16.2 Reactions of Acids and Bases

Learning Objectives

By the end of this section, you will be able to:

  • Summarize general reactions of acids and bases

In this section, the more common types of acid-base reactions that take place in aqueous solutions will be summarized. In continuation with the context learned earlier in this chapter, a strong acid is a substance that will dissolve in water to yield hydronium ions, H3O+. Whereas, a strong base is a substance that will dissolve in water to yield hydroxide ions, OH. We will learn other definitions of acids and bases in the following sections. The most common bases are ionic compounds composed of alkali or alkaline earth metal cations (groups 1 and 2) combined with the hydroxide ion. For example, NaOH and Ca(OH)2. When these compounds dissolve in water, hydroxide ions are released directly into the solution. These ions are responsible for the characteristic behaviour of acids and bases in aqueous solution.

Neutralization Reactions

The reaction between an acid and a base is called an acid-base reaction or a neutralization reaction. Later in this chapter, a section is dedicated to discussing neutralization reactions and introducing calculations relating to neutralization reactions. However, a brief introduction into this type of reaction is provided. In reactions where the acid is a hydrogen-ion-containing compound and the base is a hydroxide-ion-containing compound, the two react chemically to form water and a salt. The general form for a neutralization reaction is

acid + base → water + salt

where the term salt is used to define any ionic compound (soluble or insoluble) that is formed from a reaction between an acid and a base, as outlined in chapter 15. In chemistry, the word salt refers to more than just table salt. For example, the balanced chemical equation for the reaction between HCl(aq) and KOH(aq) is

HCl(aq) + KOH(aq) → H2O(l) + KCl(aq)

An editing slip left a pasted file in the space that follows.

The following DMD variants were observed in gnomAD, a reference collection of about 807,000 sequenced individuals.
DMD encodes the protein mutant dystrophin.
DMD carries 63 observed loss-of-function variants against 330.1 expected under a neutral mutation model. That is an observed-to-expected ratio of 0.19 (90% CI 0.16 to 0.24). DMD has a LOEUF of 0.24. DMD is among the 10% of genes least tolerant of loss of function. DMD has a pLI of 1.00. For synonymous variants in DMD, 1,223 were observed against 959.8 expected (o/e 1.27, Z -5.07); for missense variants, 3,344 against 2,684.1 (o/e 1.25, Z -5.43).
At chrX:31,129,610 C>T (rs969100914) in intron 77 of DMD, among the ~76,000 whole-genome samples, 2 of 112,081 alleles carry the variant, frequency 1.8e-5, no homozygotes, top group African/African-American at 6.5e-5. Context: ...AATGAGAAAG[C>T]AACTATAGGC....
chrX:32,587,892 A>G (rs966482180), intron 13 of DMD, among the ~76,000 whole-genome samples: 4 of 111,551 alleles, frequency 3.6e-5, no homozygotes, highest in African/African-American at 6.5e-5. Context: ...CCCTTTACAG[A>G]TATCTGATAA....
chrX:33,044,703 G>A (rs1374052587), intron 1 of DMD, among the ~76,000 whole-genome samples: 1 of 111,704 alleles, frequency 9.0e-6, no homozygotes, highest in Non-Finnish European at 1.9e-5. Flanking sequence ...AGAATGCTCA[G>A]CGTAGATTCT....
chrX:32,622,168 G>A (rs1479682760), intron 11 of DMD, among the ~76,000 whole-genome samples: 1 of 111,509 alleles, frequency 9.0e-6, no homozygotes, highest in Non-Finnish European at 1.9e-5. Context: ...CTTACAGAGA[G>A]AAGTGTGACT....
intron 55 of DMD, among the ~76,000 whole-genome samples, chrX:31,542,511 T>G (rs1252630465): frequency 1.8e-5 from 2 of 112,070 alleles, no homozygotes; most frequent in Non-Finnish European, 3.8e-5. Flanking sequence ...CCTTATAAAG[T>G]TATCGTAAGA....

where in this instance, the salt is soluble potassium chloride, KCl. By counting the number of atoms of each element, we find that only one water molecule is formed as a product. However, in the reaction between HCl(aq) and Mg(OH)2(aq), additional molecules of HCl and H2O are required to balance the chemical equation:

2 HCl(aq) + Mg(OH)2(aq) → 2 H2O(l) + MgCl2(aq)

Here, the soluble salt is MgCl2. (This is one of several reactions that take place when a type of antacid – a base – is used to treat stomach acid.)

There are acid-base reactions that do not follow the “general acid-base” equation given above.  For example, the balanced chemical equation for the reaction between HCl(aq) and NH3(aq) is

HCl(aq) + NH3(aq) → NH4Cl(aq)

Neutralization reactions are one type of chemical reaction that proceeds even if one reactant is not in the aqueous phase. For example, the chemical reaction between HCl(aq) and Fe(OH)3(s) still proceeds according to the equation

3 HCl(aq) + Fe(OH)3(s) → 3 H2O(l) + FeCl3(aq)

even though Fe(OH)3 is not soluble. When one realizes that Fe(OH)3(s) is a component of rust, this explains why some cleaning solutions for rust stains contain acids – the neutralization reaction produces products that are soluble and wash away. Washing with acids like HCl is one way to remove rust and rust stains, but HCl must be used with caution!

Gas-Forming Acid-Base Reactions

A driving force for certain acid-base reactions is the formation of a gas. Common gases formed are hydrogen (H2), oxygen (O2), and carbon dioxide (CO2).

Acid Reactions with Carbonates

Many acids react with carbonates to produce a salt, carbon dioxide gas and water.

acid + carbonate → salt + CO2(g) + H2O(l)